Timothy M. Chan's Publications: Range searching


Adaptive and approximate orthogonal range counting

(with
Bryan T. Wilkinson)

We present three new results on one of the most basic problems in geometric data structures, 2-D orthogonal range counting. All the results are in the w-bit word RAM model.


Linear-space data structures for range minority query in arrays

(with
Stephane Durocher, Matthew Skala, and Bryan T. Wilkinson)

We consider range queries in arrays that search for low-frequency elements: least frequent elements and alpha-minorities. An alpha-minority of a query range has multiplicity no greater than an alpha fraction of the elements in the range. Our data structure for the least frequent element range query problem requires O(n) space, O(n^{3/2}) preprocessing time, and O(sqrt{n}) query time. A reduction from boolean matrix multiplication to this problem shows the hardness of simultaneous improvements in both preprocessing time and query time. Our data structure for the alpha-minority range query problem requires O(n) space and O(1/alpha) query time, and allows alpha to be specified at query time.


Linear-space data structures for range mode query in arrays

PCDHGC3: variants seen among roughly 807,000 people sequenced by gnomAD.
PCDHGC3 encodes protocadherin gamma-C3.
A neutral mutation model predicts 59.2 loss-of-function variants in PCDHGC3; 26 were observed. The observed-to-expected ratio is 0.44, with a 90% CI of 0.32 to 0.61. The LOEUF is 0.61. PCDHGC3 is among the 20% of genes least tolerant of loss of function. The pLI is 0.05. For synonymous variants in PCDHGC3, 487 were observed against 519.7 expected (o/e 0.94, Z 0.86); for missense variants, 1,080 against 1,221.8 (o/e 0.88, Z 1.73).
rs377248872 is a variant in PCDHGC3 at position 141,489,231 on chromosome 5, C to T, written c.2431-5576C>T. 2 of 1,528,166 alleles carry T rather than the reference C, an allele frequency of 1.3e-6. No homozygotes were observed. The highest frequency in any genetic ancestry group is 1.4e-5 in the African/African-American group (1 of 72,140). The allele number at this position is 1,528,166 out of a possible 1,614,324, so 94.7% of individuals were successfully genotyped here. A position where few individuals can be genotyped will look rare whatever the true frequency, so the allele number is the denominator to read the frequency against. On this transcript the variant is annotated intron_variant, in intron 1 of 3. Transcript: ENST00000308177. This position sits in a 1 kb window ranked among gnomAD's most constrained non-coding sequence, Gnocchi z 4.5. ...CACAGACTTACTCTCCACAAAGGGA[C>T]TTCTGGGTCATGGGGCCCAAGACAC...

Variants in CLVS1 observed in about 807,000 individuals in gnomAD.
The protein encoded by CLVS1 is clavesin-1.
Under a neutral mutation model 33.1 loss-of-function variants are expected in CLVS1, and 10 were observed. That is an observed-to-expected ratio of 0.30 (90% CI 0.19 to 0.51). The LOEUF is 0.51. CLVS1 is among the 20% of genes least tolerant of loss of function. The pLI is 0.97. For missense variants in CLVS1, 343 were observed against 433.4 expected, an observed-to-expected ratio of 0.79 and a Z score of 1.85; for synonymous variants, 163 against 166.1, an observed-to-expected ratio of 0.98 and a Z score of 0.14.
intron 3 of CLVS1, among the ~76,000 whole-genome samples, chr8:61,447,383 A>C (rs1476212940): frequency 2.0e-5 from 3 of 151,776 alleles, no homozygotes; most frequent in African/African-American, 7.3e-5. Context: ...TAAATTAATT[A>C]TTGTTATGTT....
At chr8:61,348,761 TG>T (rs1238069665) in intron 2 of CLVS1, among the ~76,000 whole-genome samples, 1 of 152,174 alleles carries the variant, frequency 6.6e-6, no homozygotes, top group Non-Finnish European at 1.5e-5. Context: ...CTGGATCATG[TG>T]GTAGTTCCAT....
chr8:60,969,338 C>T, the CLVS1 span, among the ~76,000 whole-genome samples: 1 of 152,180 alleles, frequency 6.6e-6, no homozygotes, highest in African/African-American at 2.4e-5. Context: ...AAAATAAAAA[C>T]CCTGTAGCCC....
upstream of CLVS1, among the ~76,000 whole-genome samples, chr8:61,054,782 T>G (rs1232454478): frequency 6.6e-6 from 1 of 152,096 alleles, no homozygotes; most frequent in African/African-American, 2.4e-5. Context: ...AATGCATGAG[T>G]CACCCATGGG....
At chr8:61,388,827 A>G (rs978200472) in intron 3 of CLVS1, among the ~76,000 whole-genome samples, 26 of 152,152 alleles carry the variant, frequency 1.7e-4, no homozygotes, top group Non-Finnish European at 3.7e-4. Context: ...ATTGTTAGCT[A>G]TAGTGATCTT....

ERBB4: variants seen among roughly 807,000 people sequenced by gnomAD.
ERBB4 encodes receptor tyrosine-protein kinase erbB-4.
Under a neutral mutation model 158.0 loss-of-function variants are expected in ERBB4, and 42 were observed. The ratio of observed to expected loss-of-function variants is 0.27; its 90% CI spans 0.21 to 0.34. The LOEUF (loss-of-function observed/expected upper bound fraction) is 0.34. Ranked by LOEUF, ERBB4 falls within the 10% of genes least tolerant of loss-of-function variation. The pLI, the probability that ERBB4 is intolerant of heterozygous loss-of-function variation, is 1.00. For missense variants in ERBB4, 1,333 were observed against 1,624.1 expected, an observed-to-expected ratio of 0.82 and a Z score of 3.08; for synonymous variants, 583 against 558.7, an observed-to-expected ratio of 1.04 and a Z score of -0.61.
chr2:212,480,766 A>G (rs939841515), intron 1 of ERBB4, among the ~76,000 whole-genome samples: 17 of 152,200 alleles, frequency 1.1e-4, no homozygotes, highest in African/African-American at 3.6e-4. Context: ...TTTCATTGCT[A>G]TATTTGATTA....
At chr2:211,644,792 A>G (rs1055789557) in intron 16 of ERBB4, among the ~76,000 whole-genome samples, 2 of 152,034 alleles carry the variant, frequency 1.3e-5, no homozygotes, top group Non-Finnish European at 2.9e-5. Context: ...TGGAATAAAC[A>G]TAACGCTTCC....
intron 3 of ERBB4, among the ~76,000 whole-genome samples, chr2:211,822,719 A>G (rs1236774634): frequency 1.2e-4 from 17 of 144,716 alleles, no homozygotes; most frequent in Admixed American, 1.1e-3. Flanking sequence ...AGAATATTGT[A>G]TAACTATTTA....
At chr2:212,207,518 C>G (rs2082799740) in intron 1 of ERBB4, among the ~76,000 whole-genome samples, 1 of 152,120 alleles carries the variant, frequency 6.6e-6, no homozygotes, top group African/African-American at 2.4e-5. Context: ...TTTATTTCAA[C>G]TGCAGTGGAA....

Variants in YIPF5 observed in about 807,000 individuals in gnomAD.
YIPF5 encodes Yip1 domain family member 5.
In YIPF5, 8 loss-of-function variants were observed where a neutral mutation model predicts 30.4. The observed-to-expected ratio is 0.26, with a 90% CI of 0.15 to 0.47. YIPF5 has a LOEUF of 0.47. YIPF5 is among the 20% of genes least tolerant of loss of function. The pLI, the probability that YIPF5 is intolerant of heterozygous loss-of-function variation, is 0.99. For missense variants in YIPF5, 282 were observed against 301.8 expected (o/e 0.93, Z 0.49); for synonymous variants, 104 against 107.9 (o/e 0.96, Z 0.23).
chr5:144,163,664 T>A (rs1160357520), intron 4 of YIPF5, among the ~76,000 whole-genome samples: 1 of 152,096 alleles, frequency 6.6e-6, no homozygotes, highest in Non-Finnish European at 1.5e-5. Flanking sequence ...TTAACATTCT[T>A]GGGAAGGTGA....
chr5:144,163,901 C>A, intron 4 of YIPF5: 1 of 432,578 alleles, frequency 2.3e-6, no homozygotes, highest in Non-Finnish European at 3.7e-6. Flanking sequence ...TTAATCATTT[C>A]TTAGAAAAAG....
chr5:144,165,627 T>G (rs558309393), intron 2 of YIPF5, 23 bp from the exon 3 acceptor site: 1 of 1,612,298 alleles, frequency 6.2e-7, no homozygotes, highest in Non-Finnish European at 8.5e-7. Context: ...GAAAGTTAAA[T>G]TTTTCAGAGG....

(with
Stephane Durocher, Kasper Green Larsen, Jason Morrison, and Bryan T. Wilkinson)

A mode of a multiset S is an element a in S of maximum multiplicity; that is, a occurs at least as frequently as any other element in S. Given an array A[1:n] of n elements, we consider a basic problem: constructing a static data structure that efficiently answers range mode queries on A. Each query consists of an input pair of indices (i, j) for which a mode of A[i:j] must be returned. The best previous data structure with linear space, by Krizanc, Morin, and Smid (ISAAC 2003), requires O(sqrt(n) loglog n) query time. We improve their result and present an O(n)-space data structure that supports range mode queries in O(sqrt(n / log n)) worst-case time. Furthermore, we present strong evidence that a query time significantly below sqrt(n) cannot be achieved by purely combinatorial techniques; we show that boolean matrix multiplication of two sqrt(n) by sqrt(n) matrices reduces to n range mode queries in an array of size O(n). Additionally, we give linear-space data structures for orthogonal range mode in higher dimensions (queries in near O(n^(1-1/2d)) time) and for halfspace range mode in higher dimensions (queries in O(n^(1-1/d^2)) time).


Orthogonal range searching on the RAM, revisited

(with
Kasper Green Larsen and Mihai Patrascu)

We present a number of new results on one of the most extensively studied topics in computational geometry, orthogonal range searching. All our results are in the standard word RAM model:


Optimal partition trees